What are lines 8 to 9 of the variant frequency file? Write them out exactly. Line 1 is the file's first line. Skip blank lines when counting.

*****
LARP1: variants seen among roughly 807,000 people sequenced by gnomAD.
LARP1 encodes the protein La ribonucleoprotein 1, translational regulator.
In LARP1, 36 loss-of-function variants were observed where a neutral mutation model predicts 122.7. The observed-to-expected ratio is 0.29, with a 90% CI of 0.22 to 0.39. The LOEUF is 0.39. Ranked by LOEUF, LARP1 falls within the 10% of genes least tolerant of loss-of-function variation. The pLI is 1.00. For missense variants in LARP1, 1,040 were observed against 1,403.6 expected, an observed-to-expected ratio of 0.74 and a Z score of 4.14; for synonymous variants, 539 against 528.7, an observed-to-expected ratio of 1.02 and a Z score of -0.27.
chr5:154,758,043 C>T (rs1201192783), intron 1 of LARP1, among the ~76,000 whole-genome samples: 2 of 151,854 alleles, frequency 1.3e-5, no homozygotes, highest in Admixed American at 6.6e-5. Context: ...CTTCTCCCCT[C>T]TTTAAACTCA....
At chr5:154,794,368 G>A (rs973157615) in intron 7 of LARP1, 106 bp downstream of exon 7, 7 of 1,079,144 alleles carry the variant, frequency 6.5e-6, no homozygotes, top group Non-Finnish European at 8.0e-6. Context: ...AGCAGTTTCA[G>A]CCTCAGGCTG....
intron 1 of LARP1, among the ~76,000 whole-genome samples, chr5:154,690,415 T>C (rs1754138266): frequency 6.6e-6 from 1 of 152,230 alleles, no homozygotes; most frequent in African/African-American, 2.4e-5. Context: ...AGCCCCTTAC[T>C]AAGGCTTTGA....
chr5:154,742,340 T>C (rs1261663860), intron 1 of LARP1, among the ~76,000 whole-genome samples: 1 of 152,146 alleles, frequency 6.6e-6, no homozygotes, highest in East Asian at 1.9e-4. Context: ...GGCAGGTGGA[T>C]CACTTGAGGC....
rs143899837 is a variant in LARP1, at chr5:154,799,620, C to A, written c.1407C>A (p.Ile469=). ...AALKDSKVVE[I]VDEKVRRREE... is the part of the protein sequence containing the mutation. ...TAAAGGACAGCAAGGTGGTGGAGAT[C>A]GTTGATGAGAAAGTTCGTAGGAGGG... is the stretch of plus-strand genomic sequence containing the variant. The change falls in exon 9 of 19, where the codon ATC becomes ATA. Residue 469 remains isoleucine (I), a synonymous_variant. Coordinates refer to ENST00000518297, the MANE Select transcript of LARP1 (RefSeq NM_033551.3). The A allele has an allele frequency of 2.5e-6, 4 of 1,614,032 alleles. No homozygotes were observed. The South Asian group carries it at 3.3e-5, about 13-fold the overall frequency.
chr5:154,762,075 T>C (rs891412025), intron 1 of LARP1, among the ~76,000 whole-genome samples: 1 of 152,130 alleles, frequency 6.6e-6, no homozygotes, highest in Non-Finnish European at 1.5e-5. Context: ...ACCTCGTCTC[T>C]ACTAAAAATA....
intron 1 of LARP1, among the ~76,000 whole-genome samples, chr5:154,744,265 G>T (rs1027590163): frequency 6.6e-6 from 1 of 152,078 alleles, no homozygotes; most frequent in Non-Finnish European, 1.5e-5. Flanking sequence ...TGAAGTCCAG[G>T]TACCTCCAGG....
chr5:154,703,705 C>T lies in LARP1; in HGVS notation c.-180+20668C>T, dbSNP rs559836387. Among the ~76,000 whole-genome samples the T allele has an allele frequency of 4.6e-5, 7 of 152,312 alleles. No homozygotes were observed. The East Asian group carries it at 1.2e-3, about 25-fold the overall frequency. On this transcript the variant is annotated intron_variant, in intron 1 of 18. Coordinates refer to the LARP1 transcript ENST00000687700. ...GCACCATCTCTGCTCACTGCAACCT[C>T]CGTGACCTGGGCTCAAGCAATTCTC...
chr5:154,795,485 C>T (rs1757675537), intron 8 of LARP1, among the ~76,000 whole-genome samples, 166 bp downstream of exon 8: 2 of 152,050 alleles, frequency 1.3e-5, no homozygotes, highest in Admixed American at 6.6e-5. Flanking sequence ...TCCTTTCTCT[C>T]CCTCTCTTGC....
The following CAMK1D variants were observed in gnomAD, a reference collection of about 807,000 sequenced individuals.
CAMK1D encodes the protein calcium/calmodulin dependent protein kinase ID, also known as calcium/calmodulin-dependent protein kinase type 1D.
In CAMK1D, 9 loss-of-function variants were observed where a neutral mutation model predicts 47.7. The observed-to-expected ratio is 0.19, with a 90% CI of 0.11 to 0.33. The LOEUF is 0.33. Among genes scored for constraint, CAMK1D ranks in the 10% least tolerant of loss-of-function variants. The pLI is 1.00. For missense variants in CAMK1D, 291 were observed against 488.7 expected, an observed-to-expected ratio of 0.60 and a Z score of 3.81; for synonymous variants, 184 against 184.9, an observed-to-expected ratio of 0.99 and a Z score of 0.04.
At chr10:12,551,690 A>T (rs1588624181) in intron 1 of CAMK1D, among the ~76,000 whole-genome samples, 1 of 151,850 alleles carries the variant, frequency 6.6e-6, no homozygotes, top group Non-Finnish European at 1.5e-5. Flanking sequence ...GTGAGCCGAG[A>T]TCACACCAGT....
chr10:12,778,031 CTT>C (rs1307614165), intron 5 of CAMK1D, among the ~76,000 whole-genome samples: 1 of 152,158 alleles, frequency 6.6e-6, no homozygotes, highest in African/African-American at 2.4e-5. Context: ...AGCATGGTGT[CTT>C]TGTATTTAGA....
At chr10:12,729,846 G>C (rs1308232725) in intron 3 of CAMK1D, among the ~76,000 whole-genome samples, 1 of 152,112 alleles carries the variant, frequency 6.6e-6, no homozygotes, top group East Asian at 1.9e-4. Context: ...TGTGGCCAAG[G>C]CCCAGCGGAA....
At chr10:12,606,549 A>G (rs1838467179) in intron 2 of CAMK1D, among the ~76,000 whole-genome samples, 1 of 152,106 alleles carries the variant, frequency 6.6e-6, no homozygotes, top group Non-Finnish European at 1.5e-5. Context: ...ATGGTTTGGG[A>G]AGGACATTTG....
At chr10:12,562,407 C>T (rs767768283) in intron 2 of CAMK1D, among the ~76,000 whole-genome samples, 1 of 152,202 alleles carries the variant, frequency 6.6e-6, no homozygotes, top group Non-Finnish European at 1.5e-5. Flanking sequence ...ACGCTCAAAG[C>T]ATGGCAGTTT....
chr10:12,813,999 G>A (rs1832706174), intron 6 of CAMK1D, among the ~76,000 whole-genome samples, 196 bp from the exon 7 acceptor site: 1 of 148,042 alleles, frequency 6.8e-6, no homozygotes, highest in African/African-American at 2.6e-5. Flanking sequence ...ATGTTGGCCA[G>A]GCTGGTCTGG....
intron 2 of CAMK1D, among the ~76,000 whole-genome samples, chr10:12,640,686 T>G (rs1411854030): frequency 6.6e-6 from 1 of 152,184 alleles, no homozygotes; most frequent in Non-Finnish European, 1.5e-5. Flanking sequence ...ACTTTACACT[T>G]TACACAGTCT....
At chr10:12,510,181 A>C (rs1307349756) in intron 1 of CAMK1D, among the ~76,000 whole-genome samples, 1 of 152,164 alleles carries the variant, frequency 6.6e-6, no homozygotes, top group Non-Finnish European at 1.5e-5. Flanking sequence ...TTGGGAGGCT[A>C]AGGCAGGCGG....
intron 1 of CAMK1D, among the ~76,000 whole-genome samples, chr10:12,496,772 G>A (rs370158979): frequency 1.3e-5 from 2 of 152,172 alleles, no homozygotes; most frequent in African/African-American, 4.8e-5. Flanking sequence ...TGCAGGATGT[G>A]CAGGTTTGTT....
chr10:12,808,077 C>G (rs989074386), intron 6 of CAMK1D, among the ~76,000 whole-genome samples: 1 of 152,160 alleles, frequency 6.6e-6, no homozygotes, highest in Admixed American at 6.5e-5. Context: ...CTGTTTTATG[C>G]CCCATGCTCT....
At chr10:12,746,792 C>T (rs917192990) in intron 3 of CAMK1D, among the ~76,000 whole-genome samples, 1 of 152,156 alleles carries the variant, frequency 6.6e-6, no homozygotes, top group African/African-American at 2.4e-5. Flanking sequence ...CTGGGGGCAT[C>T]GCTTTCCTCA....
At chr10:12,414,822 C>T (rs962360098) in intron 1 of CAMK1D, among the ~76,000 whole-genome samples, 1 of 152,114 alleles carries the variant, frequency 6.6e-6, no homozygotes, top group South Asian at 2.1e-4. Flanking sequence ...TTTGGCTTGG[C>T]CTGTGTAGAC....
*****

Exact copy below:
rs143899837 is a variant in LARP1, at chr5:154,799,620, C to A, written c.1407C>A (p.Ile469=). ...AALKDSKVVE[I]VDEKVRRREE... is the part of the protein sequence containing the mutation. ...TAAAGGACAGCAAGGTGGTGGAGAT[C>A]GTTGATGAGAAAGTTCGTAGGAGGG... is the stretch of plus-strand genomic sequence containing the variant. The change falls in exon 9 of 19, where the codon ATC becomes ATA. Residue 469 remains isoleucine (I), a synonymous_variant. Coordinates refer to ENST00000518297, the MANE Select transcript of LARP1 (RefSeq NM_033551.3). The A allele has an allele frequency of 2.5e-6, 4 of 1,614,032 alleles. No homozygotes were observed. The South Asian group carries it at 3.3e-5, about 13-fold the overall frequency.
chr5:154,762,075 T>C (rs891412025), intron 1 of LARP1, among the ~76,000 whole-genome samples: 1 of 152,130 alleles, frequency 6.6e-6, no homozygotes, highest in Non-Finnish European at 1.5e-5. Context: ...ACCTCGTCTC[T>C]ACTAAAAATA....